[Big Ear Masthead]

SETI: We've Only Just Begun

by Robert S. Dixon
Columbus, Ohio, September 19, 1988

This piece appeared as the Foreword in Search for Extraterrestrial Intelligence by Edward Ashpole, Blandford Press, England, 1989. Reproduced here with permission from Dr. Robert S. Dixon.

SETI is a science which has only just begun, in terms of what most involved scientists see as the task before them. Even though a number of searches have taken place for evidence of extraterrestrial intelligence, the searchers themselves would agree that the surface is yet to be scratched. The magnitude of the search needed is gigantic, and may require generations of scientific effort. Patience and persistence over the long-term are a prerequisite, since quick success is unlikely to be achieved.

Yet SETI today is poised at just the right moment to take a giant leap forward. Man's electronic ingenuity is providing an accelerating spiral of more powerful yet less expensive capabilities in communications and computing technology - exactly the combination required for SETI. We are indeed fortunate that these tools are coming into existence just at the very time we need them. Even today these advances in computing capability are being exploited in programs such as those in progress at Harvard and those being planned by NASA. The next generation of searches will marry both modern computing and communications technologies to achieve even greater performance.

Every endeavor has its detractors. There are otherwise learned people who scoff in the background, yet have not bothered to read the scientific literature and ignore the relevant activities of prestigious world organisations such as the International Astronomical Union and the International Astronautical Federation. There are those who believe the fledgling past searches are definitive and hence we should give up now. There are also a few sincere researchers who believe that theory alone can solve the problem out of existence, making any actual searching or experimentation unnecessary. Fortunately, our scientific ranks contain many doers who are not content to sit back and do nothing, so they will always press on regardless.

The definition of 'success' for SETI as being the discovery of another civilisation is too superficial. There are deeper and less obvious levels of success. It is almost axiomatic that any kind of new wide-ranging scientific observations will discover hitherto unknown phenomena (eg. pulsars could have been discovered much earlier by both radio and optical astronomers, but nobody thought to look for pulsing signals). Since SETI strains the state of the electronic art, it leads to new technology which is applicable to other brands of astronomy, as well as to other fields. And at its deepest level, SETI provokes and influences the thoughts of Man. Even if no signals are ever found, SETI will always be a source of mental stimulation toward the perception by everyone of their personal and national position in the universe. Man must achieve this perception if he is to put aside his internal squabbles and create his own planet-wide civilisation. If this does not happen, and if this behaviour is universal, then SETI in the superficial sense can never succeed because there may never be two civilisations alive at the same time. If this does happen, then SETI in the deepest sense will be possible.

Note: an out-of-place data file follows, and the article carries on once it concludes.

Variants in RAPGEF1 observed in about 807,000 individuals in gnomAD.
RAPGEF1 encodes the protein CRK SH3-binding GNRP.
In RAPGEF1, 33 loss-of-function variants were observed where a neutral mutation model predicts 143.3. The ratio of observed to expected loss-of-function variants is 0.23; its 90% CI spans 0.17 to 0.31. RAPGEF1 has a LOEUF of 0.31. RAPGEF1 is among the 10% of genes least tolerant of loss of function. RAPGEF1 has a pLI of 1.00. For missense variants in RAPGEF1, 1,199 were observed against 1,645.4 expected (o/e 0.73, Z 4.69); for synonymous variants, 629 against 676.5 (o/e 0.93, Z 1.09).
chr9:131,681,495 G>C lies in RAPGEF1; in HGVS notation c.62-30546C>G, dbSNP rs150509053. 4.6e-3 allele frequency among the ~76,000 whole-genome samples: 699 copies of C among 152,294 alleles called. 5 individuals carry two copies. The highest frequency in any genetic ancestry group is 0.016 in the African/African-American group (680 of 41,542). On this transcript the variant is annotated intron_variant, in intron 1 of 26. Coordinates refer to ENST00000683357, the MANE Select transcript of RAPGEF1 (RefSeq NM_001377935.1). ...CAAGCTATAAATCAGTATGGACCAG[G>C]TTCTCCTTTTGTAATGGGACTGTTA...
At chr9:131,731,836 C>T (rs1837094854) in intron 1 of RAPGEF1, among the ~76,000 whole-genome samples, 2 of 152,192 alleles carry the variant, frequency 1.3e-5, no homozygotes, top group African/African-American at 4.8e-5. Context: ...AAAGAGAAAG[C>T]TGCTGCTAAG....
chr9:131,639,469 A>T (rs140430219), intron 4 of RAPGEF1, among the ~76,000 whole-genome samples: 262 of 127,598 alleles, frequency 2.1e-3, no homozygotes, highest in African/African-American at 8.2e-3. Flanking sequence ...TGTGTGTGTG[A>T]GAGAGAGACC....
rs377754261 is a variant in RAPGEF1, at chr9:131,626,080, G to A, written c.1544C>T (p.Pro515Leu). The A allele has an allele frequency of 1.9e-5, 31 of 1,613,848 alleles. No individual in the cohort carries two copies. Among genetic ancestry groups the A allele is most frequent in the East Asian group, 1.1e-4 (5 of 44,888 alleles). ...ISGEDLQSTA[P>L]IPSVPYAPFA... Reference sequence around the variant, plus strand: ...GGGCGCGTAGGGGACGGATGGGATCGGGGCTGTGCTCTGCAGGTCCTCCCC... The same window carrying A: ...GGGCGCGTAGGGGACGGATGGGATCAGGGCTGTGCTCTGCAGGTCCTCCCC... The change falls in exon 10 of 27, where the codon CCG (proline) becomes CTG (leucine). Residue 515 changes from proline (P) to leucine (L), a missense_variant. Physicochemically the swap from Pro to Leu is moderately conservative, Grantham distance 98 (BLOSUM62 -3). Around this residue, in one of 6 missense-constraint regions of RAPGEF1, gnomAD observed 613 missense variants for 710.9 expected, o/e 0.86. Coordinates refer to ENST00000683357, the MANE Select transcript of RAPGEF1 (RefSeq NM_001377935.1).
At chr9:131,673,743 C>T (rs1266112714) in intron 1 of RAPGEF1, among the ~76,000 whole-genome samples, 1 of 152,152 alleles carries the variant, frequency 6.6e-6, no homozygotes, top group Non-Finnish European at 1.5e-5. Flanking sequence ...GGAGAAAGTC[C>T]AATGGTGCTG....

For the past fifteen [now 23+!] years, a SETI program has been in progress here at The Ohio State University. During that time, many unexplained signals have been received. But 'unexplained' does not necessarily mean 'from another civilisation'. We do not know if they came from another civilisation, or from our own civilisation or from no civilisation. The problem is that the signals last only a short time - too short to tell where they are coming from, in detail. Later experiments to measure them more carefully never find anything. Similar signals have been found by other searchers.

These unexplained signals have led us to supplement the normal search techniques with additional ones that are used only when a signal is detected. This is an adaptive strategy, wherein all signals are investigated in detail immediately after their discovery, while they are still present. The normal search is temporarily suspended for as long as necessary. This new system will likely be in operation [has been in operation for many years!] by the time you read this.

Of longer-range importance, we have begun to design the next generation of SETI programs. An all-electronic telescope (no big steel structures, etc.) will watch the entire sky all at once. This eliminates the need to 'point' a telescope at a specific spot in the sky, and thereby miss anything interesting that might be going on somewhere else. We have dubbed this the Argus telescope, after the mythological being that had a hundred eyes and could look in all directions at once. It is also interesting that Arthur C. Clark, in one of his works, gave the name Argus to a SETI telescope that could look in all directions at once. As of this writing, we have successfully operated a small pilot version of Argus, and are seeking support to build a large one.



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Last modified: August 15, 2005